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Dollar Sign ($)

Dollar Sign ($)

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Published by: api-3741779 on Oct 15, 2008
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Dollar Sign ($)
History

The sign is attested in business correspondence between British North America and Mexico in the 1770s, as referring to the Spanish-Mexican peso. The piastre was known as "Spanish dollar" in British North America, and in 1785, it was adopted as U.S. currency, together with both the term "dollar" and the $ sign. Interestingly, the first instance of the symbol on U.S.A. currency is on the reverse of a $1 coin first issued in February 2007, under the Presidential $1 Coin Act of 2005.

The sign's ultimate origins are not certain, though it is widely accepted that it comes from the Spanish coat of arms, which carries the two Pillars of Hercules and the motto Non Plus Ultra in the shape of an "S".

Spanish Coat of Arms

The most widely accepted explanation is that the dollar sign derives from the Spanish coat of arms engraved on the Spanish colonial silver coins "Real de a Ocho" ("piece of eight") or Spanish dollar under circulation in the Spanish colonies of America and Asia, as well as in the English Thirteen Colonies and later the U.S. and Canada.

The Spanish coat of arms has two columns (||), which represent thePillars of Hercules and an "S"-shaped ribbon around each, with the motto "Non Plus Ultra" originally, and later "Plus Ultra".

In 1492, King Ferdinand II of Aragon put Gibraltar under the new joined rule
of the Spanish throne. He adopted the symbol of the Pillars of Hercules and

added the Latin phrase Non plus ultra \u2013 meaning "and nothing further", indicating "[this is] the end of the (known) world". But asChristopher Columbus in 1492 travelled to the Americas, the saying was changed to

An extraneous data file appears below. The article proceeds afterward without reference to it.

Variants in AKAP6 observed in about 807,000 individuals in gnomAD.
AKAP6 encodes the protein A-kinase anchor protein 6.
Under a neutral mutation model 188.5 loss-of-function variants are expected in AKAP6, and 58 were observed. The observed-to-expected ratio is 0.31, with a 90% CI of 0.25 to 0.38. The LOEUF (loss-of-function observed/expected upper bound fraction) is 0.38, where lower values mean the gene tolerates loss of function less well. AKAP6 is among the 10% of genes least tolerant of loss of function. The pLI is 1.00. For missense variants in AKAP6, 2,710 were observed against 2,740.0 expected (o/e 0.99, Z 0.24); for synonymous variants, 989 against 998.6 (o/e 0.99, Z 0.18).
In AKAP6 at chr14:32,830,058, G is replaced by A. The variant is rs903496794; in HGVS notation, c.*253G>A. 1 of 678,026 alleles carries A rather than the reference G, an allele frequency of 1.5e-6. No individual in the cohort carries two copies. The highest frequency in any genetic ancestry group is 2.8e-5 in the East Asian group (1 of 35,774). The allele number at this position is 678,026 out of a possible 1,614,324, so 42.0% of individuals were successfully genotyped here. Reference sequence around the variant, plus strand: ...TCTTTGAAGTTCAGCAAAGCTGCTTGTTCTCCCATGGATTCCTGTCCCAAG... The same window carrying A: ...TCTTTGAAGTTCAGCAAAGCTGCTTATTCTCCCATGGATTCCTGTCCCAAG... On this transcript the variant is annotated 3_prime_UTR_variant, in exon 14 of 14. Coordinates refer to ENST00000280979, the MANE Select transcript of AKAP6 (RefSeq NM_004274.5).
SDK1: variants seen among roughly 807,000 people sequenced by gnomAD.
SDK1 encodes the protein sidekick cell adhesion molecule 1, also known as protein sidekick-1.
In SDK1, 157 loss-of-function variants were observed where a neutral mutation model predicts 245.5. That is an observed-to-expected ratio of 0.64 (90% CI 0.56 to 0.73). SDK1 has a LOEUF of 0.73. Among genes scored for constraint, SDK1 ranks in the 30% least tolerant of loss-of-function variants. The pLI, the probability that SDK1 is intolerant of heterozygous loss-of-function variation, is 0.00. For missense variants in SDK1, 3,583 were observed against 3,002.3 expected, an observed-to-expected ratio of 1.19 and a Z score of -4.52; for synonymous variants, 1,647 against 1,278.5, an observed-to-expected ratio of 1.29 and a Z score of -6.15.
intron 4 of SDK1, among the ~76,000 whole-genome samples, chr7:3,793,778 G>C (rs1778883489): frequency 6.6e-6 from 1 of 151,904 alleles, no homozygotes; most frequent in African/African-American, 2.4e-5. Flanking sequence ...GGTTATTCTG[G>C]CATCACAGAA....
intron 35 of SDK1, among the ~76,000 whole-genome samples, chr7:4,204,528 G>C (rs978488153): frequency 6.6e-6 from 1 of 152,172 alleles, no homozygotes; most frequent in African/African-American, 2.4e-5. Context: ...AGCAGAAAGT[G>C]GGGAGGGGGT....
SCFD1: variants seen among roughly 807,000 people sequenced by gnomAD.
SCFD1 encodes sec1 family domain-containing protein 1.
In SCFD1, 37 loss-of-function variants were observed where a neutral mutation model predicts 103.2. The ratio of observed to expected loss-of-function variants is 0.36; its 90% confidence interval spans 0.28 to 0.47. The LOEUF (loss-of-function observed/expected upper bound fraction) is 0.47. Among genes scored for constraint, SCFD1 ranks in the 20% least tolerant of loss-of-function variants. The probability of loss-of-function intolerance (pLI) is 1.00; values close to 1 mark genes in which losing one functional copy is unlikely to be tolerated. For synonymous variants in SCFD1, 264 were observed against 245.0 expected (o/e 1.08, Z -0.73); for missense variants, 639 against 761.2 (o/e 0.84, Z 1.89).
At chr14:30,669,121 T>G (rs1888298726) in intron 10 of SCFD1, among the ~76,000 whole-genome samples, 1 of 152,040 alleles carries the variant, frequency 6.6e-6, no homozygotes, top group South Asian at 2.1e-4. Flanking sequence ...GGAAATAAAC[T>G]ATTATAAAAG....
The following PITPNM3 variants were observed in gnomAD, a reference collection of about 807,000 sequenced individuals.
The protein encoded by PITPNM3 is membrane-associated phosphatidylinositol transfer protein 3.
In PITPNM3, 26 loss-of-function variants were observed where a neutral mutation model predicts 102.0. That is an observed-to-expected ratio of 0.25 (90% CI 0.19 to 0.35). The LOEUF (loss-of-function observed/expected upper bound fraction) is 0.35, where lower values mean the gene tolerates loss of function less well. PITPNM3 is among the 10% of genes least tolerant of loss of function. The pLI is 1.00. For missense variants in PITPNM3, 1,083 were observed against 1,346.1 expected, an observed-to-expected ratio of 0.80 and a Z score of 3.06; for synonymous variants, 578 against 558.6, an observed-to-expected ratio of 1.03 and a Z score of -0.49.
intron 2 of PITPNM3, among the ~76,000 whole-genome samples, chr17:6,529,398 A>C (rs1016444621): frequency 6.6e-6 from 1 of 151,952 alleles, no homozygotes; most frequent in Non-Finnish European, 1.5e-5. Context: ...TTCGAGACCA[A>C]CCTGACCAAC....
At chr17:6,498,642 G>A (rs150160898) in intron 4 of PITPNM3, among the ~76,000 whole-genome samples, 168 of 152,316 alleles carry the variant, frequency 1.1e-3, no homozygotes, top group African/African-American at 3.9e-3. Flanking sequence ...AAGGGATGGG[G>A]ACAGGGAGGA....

Plus Ultra \u2013 as there was more out there. This symbol was especially

adopted by Charles V and was a part of his coat of arms as a symbol of his American possessions and riches. When the Spanish conquistadores found gold and silver in the New World, Charles V's symbol was stamped on the coins made from these metals. These coins with the Pillars of Hercules over two hemispheres (columnarios) were spread around America and Europe, and the symbol was ultimately adopted by the country that became the United States and by many of the continent's other independent nations. Later on, salesmen wrote signs that, instead of sayingdollar, had this handwritten symbol, and in turn this developed to the simpleS with two vertical bars.

There is also another explanation that makes the sign derive from where "$"
is a corruption of the letters "PS" orPS
P
, used as an abbreviation for
.
pesos
Alternative origin hypotheses
There are a number of alternative origin theories, with several degrees of
verifiability and academic acceptance.
From 'US'

That $ is a monogram of U and S, which was used as a mark on money bags issued by the United States Mint. The letters U and S superimposed resemble the historical double stroke "$" sign: the bottom of the 'U' disappears into the bottom curve of the 'S', leaving two vertical lines. This

double-stroke dollar sign has been used to refer to the U.S. currency. Thus, the one-stroke design may have been modified to the double-stroke design to represent United States currency. This idea was largely popularized by the novel Atlas Shrugged by philosopher Ayn Rand. It does not consider the fact that the symbol was already in use in the time of the British Colonies, when the term 'United States' did not exist yet.

From a symbol used on the Roman sestertius

That the dollar sign goes back to the most important Roman coin, the Sestertius, which had the letters 'HS' as its currency sign. When superimposed, these letters form a dollar sign with two vertical strokes (the horizontal line of the 'H' merging into the 'S'). This explanation is widely discarded, in spite of the tendency of neo-classic Roman Republic influences in styles evident in other early US government designs, such as the Capitol and Senate buildings.

The two pillars in the temple of Solomon

That thetwo vertical lines represent the two cult pillars Boaz and Jachin in the original Temple of Solomon at Jerusalem. This is based on the idea that Masonic symbols, such as the All Seeing Eye of God, appear on U.S. currency; however, they did not in 1785.

From a sign used on the German Thaler

That it derives from the symbol used on a German Thaler. According to Ovason (2004), on one type of thaler, one side showed the crucifiedChrist, and the other side showed a serpent hanging from a cross, and near the

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